If You Haven't Already, Start Conserving Water On Your Golf Course
Precipitation is a fickle phenomenon, with some years dry and others very wet. Even if you are in a region that doesn't seem to have trouble getting the water it needs, conservation is always a good idea. It helps preserve drinking water in those areas where city supplies are used for both consumption and irrigation, and it helps stretch canal supplies in areas that use pressurized irrigation for landscaping. If you have not already done so, start making changes to your golf course to cut back on the amount of water you need to keep the course looking green.
Native Drought-Resistant Grass
Any parts of the greens that need to be reseeded or replaced should have native drought-resistant grass laid down. If you're in a region where there really are no native lawn-type grasses, at least go for the low-water drought-resistant species. Native grasses are better suited to the natural rainfall patterns in the region, which means you don't have to over water anything just to keep the course alive. Drought-resistant grasses survive for longer without a lot of water should precipitation levels drop. And low-water grasses just don't need a lot of water in general; in fact, you might be able to get away with very little sprinkler use with this type of grass. All of those qualities are perfect for lowering your water bills and consumption levels.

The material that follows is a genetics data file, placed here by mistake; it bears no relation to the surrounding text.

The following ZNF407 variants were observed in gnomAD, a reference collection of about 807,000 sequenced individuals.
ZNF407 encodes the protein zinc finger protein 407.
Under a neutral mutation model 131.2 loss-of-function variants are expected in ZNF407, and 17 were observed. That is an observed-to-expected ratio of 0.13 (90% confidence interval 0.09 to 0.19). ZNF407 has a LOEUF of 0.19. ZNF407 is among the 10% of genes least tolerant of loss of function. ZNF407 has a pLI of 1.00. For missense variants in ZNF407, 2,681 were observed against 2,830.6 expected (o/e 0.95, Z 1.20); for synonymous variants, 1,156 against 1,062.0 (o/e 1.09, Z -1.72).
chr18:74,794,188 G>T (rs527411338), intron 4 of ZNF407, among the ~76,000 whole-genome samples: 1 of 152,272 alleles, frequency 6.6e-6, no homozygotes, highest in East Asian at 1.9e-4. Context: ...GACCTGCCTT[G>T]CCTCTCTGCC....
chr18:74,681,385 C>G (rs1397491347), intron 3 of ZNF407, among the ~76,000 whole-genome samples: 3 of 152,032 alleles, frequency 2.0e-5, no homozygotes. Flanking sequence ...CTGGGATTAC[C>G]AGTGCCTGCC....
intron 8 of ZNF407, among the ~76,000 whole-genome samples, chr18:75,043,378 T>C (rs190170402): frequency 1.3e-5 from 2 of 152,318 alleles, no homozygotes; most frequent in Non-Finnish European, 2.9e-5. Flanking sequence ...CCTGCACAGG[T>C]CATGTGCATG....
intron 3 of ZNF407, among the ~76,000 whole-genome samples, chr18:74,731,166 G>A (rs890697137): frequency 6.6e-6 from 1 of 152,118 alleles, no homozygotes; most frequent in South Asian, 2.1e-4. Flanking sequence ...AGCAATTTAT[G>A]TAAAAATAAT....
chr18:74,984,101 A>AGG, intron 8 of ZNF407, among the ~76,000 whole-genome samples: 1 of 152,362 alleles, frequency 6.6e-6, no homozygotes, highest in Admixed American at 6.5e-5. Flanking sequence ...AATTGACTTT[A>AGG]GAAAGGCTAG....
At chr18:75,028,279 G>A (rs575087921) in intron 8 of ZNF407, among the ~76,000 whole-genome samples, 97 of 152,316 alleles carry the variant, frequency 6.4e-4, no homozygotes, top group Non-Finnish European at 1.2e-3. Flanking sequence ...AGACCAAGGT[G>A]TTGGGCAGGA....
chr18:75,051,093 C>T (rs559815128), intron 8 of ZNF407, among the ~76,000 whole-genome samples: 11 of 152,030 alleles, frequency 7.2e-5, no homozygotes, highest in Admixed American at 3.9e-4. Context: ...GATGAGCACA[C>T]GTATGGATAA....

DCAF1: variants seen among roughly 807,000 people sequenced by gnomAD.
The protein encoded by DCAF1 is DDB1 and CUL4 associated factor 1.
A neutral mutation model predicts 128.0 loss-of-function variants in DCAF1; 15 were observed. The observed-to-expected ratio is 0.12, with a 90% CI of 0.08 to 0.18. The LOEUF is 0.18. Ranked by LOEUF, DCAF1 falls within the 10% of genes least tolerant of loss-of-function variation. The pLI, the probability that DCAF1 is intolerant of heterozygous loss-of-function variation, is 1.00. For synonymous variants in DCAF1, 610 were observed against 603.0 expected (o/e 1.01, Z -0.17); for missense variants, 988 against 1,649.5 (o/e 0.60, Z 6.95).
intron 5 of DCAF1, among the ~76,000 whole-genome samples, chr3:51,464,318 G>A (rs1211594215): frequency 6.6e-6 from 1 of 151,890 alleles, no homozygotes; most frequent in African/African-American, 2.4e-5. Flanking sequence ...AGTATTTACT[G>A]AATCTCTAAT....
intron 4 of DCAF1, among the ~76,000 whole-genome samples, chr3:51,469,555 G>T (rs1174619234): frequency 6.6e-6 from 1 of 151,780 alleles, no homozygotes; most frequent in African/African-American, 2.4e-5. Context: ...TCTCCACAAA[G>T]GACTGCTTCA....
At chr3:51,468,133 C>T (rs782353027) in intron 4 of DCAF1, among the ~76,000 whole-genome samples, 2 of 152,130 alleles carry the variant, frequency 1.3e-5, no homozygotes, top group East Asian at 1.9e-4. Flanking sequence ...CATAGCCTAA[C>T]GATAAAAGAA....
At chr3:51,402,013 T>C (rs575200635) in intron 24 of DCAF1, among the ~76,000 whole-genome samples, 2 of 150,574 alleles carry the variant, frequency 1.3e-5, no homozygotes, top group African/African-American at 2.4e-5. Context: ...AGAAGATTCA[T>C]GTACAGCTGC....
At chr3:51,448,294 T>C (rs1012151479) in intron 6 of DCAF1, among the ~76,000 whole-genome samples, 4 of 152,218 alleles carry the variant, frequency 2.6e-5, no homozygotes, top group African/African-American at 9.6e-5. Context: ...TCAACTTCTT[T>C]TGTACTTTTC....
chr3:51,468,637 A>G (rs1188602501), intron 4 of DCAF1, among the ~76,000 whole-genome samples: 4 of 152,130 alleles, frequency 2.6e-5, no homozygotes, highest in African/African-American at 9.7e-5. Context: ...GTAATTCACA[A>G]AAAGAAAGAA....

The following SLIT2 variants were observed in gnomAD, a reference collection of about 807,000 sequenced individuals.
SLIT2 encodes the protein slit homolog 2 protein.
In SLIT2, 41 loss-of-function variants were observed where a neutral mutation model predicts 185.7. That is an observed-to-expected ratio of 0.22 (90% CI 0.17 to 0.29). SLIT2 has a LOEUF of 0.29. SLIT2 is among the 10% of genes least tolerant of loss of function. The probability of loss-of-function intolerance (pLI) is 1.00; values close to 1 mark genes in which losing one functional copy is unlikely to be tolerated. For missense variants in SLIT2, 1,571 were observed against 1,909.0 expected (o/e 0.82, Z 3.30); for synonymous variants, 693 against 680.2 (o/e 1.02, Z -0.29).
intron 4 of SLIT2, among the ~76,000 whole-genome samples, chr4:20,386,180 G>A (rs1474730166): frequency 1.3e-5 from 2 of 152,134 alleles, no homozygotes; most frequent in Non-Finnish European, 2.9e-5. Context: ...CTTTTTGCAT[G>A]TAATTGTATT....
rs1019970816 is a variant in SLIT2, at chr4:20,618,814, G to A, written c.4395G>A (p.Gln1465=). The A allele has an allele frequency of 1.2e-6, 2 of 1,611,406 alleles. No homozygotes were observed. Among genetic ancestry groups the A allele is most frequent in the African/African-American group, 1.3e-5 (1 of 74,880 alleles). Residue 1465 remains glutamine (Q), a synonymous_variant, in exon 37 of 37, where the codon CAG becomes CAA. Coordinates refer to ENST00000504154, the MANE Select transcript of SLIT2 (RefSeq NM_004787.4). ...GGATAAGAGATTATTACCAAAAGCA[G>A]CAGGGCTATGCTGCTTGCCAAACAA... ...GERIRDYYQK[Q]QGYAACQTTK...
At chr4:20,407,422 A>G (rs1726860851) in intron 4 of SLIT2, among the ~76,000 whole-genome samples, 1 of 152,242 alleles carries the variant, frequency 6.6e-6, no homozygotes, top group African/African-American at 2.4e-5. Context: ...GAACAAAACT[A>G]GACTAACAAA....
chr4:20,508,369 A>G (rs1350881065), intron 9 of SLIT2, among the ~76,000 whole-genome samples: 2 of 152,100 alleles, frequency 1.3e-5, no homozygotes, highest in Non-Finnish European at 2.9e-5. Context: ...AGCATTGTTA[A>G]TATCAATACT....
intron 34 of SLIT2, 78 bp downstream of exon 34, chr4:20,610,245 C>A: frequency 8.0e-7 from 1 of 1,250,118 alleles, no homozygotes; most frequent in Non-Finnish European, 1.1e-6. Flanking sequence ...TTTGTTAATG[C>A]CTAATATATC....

Up-to-Date Sprinkler System
If it's been a while since you updated your sprinkler system, it's time to do so now. New systems use the latest in water-conserving technology, and if your current system is really old, then you could be releasing too much water in too long a time compared with what you could have installed now. If your sprinkler system is already fairly new, but you think you could cut back more, see about installing flow devices to limit the water that is released.
Never leave the timer alone for long stretches of days or weeks. Always monitor the weather and turn off that sprinkler timer if it rains. There is no sense in letting the sprinkler run if you know a storm's coming in that afternoon.
You could be in the best region of the country for predictable, abundant rainfall, and it would still be a good idea to conserve water during those times when you do have to use the sprinklers on your golf course. It makes sense for your water bills, and it makes sense for the environment.